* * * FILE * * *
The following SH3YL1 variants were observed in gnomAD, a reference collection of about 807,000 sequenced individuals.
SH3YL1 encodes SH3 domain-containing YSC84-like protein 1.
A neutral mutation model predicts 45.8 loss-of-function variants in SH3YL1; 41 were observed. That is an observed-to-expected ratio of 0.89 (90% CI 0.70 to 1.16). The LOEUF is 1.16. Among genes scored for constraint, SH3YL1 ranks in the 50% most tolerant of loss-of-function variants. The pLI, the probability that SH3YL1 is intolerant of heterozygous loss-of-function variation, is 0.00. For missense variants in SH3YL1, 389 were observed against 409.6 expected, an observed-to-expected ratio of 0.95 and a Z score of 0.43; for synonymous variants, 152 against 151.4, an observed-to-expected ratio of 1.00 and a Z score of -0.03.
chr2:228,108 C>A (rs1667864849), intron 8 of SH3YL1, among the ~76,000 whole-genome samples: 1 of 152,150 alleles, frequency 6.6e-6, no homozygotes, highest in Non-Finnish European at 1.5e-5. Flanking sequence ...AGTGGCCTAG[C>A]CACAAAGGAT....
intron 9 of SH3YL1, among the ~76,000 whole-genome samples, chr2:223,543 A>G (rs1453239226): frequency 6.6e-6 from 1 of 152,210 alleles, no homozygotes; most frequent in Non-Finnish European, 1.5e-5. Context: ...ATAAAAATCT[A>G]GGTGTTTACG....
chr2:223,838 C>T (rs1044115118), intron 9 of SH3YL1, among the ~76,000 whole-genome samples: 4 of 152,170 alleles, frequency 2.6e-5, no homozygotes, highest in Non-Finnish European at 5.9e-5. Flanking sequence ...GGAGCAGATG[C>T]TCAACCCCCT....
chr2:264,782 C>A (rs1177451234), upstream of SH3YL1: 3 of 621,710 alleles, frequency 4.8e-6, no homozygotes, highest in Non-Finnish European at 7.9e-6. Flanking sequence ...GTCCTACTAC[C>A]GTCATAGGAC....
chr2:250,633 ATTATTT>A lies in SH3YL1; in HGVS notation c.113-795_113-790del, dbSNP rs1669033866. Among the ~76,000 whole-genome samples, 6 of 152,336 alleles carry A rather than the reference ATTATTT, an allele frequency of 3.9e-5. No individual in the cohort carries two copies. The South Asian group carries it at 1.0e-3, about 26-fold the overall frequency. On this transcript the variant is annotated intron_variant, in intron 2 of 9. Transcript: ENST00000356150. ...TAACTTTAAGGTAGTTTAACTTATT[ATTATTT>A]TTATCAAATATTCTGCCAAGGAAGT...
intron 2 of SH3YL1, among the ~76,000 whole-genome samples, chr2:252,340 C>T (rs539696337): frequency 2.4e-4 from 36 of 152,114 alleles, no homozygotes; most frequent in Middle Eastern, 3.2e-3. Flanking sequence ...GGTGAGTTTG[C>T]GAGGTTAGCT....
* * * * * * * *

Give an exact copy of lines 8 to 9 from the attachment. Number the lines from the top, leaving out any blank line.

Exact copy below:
chr2:250,633 ATTATTT>A lies in SH3YL1; in HGVS notation c.113-795_113-790del, dbSNP rs1669033866. Among the ~76,000 whole-genome samples, 6 of 152,336 alleles carry A rather than the reference ATTATTT, an allele frequency of 3.9e-5. No individual in the cohort carries two copies. The South Asian group carries it at 1.0e-3, about 26-fold the overall frequency. On this transcript the variant is annotated intron_variant, in intron 2 of 9. Transcript: ENST00000356150. ...TAACTTTAAGGTAGTTTAACTTATT[ATTATTT>A]TTATCAAATATTCTGCCAAGGAAGT...
intron 2 of SH3YL1, among the ~76,000 whole-genome samples, chr2:252,340 C>T (rs539696337): frequency 2.4e-4 from 36 of 152,114 alleles, no homozygotes; most frequent in Middle Eastern, 3.2e-3. Flanking sequence ...GGTGAGTTTG[C>T]GAGGTTAGCT....